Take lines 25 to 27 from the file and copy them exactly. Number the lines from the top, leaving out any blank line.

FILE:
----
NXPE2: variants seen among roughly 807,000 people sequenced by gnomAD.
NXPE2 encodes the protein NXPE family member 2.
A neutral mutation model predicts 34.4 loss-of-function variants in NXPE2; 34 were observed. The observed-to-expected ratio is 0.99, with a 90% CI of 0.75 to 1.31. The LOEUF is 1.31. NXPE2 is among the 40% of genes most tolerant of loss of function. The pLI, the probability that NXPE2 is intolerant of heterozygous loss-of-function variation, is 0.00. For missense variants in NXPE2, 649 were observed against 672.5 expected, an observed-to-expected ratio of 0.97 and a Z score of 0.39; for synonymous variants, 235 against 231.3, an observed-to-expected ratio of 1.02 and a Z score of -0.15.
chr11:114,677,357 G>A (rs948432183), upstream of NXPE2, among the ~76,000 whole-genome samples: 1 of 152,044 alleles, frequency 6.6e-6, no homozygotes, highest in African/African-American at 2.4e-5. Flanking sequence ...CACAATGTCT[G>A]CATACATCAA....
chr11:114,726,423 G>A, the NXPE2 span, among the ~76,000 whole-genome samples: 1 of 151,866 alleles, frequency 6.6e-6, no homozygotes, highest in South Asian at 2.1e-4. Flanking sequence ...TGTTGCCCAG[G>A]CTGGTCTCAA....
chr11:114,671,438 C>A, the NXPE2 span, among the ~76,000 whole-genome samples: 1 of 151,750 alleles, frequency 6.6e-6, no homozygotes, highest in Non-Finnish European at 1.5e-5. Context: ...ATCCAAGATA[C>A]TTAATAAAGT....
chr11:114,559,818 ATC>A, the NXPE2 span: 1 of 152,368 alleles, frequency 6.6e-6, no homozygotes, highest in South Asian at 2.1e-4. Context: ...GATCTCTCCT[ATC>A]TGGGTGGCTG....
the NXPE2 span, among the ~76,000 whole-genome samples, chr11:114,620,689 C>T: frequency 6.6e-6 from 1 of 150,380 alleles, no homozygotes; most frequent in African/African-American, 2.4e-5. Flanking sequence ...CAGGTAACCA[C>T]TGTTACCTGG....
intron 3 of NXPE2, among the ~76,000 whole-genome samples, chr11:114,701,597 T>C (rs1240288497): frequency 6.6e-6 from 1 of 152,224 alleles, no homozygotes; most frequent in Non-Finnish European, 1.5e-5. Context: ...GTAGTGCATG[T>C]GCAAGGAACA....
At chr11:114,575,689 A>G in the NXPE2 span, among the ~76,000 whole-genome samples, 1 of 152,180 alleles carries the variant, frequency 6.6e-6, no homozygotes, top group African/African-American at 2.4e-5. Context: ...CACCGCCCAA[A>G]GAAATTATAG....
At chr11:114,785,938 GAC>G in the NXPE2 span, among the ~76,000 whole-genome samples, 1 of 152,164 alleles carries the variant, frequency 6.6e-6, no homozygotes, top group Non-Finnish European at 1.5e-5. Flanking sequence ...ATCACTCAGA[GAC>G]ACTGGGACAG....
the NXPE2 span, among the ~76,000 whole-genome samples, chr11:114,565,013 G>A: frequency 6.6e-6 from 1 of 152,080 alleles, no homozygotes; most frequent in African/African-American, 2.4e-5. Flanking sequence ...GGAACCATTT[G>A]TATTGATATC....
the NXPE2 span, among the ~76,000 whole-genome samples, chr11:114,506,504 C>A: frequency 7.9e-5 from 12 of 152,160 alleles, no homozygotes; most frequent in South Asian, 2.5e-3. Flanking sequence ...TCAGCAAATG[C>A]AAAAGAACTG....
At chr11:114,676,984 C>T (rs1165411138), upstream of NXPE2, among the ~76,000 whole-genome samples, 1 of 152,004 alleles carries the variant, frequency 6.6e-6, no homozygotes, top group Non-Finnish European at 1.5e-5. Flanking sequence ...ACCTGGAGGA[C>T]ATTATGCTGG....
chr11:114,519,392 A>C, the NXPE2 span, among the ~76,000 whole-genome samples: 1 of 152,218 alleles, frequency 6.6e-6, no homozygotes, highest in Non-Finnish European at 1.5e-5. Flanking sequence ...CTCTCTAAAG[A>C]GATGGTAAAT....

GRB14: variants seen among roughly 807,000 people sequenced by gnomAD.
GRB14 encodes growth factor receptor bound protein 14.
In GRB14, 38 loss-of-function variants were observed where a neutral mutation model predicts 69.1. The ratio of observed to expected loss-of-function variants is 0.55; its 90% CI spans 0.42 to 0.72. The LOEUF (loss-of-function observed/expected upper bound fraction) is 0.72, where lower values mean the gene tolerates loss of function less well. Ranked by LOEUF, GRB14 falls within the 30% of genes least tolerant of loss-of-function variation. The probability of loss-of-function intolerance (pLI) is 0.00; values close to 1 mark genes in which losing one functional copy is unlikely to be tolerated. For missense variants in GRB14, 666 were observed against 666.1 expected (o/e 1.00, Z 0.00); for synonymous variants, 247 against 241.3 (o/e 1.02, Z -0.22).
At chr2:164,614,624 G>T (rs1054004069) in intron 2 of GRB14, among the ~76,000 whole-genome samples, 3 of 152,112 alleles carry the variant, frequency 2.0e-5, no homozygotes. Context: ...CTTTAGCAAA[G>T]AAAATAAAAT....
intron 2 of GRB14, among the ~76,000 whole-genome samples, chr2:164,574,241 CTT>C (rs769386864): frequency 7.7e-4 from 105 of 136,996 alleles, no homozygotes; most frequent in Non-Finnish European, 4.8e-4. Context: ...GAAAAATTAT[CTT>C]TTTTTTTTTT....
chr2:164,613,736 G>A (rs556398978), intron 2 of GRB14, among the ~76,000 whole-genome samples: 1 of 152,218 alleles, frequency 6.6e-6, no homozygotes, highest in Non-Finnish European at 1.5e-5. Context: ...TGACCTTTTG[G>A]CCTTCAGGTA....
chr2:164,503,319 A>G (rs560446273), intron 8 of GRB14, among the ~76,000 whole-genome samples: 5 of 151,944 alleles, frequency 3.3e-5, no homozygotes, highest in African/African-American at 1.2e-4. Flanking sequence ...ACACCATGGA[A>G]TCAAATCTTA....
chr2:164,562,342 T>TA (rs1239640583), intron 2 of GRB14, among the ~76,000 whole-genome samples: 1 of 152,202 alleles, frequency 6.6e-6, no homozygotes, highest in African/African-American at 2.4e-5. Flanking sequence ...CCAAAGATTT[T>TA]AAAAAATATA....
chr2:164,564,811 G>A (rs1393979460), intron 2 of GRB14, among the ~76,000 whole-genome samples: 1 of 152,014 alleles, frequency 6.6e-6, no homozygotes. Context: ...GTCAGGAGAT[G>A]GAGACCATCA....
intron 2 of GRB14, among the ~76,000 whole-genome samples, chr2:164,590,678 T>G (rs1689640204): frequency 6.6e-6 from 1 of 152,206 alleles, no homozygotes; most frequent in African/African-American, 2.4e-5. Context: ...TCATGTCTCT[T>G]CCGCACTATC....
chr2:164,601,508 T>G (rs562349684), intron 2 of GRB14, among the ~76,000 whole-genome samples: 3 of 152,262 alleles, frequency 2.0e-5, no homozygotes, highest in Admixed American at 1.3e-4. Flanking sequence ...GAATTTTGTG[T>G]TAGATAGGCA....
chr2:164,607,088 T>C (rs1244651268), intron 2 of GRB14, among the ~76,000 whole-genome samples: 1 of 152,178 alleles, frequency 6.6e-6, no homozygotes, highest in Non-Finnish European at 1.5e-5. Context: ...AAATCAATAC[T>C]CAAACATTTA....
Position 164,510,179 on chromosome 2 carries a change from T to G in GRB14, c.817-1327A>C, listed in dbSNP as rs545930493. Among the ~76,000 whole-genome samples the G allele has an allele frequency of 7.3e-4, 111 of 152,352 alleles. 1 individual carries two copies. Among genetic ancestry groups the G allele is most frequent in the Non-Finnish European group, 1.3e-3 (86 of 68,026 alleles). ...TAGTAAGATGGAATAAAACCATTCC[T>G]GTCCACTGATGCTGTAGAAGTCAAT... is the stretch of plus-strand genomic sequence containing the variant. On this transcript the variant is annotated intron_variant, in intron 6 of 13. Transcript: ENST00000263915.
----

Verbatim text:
intron 2 of GRB14, among the ~76,000 whole-genome samples, chr2:164,590,678 T>G (rs1689640204): frequency 6.6e-6 from 1 of 152,206 alleles, no homozygotes; most frequent in African/African-American, 2.4e-5. Context: ...TCATGTCTCT[T>G]CCGCACTATC....
chr2:164,601,508 T>G (rs562349684), intron 2 of GRB14, among the ~76,000 whole-genome samples: 3 of 152,262 alleles, frequency 2.0e-5, no homozygotes, highest in Admixed American at 1.3e-4. Flanking sequence ...GAATTTTGTG[T>G]TAGATAGGCA....
chr2:164,607,088 T>C (rs1244651268), intron 2 of GRB14, among the ~76,000 whole-genome samples: 1 of 152,178 alleles, frequency 6.6e-6, no homozygotes, highest in Non-Finnish European at 1.5e-5. Context: ...AAATCAATAC[T>C]CAAACATTTA....